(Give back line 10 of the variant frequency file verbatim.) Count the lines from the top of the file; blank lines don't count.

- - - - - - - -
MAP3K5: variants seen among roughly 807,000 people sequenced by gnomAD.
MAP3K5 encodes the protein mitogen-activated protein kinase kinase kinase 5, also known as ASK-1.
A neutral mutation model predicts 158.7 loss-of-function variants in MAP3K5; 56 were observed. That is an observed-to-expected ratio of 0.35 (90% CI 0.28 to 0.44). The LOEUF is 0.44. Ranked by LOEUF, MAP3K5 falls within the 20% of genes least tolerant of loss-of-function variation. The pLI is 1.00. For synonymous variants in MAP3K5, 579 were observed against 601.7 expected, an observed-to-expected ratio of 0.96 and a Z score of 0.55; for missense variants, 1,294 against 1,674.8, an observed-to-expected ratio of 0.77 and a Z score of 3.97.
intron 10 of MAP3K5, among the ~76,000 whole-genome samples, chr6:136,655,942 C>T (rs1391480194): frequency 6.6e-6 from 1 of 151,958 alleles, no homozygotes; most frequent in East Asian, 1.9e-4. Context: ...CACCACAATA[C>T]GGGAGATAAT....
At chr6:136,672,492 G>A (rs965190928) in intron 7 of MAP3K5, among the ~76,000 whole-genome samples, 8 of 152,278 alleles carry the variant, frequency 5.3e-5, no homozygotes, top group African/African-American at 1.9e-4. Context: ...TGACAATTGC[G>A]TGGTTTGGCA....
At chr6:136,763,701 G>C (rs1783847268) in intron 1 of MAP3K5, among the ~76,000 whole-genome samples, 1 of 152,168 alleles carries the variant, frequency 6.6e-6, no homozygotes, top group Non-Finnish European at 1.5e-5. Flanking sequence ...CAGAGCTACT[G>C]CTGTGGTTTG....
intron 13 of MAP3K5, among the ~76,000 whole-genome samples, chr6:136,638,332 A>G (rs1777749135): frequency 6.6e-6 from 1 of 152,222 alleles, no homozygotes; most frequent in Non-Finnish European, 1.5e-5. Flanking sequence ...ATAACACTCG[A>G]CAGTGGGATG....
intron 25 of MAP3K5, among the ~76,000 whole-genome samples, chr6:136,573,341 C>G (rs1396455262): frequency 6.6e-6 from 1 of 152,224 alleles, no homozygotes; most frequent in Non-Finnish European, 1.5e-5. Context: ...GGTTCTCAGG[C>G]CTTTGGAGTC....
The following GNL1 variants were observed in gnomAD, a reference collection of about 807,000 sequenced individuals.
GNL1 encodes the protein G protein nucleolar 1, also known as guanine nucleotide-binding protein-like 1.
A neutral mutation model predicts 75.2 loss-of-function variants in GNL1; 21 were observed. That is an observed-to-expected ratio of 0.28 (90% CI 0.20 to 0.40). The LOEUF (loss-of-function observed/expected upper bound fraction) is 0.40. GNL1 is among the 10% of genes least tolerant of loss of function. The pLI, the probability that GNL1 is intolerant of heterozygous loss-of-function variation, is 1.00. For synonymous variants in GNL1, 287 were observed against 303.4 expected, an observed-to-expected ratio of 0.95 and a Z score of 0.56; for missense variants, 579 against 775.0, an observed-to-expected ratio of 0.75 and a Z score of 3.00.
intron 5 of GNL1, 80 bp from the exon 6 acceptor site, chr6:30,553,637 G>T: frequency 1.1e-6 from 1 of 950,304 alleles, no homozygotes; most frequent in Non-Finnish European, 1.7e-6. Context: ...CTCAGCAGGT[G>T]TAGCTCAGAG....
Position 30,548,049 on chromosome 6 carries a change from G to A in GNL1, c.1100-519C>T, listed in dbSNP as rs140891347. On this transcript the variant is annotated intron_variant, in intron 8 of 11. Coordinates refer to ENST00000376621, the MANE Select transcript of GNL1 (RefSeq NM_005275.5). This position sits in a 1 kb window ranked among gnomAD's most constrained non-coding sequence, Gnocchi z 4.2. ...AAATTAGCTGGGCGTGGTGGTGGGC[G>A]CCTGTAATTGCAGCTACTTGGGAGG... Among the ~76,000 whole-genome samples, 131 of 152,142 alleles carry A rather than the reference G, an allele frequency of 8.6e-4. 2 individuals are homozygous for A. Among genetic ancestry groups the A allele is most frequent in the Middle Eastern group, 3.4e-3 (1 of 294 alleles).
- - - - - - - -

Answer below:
GNL1 encodes the protein G protein nucleolar 1, also known as guanine nucleotide-binding protein-like 1.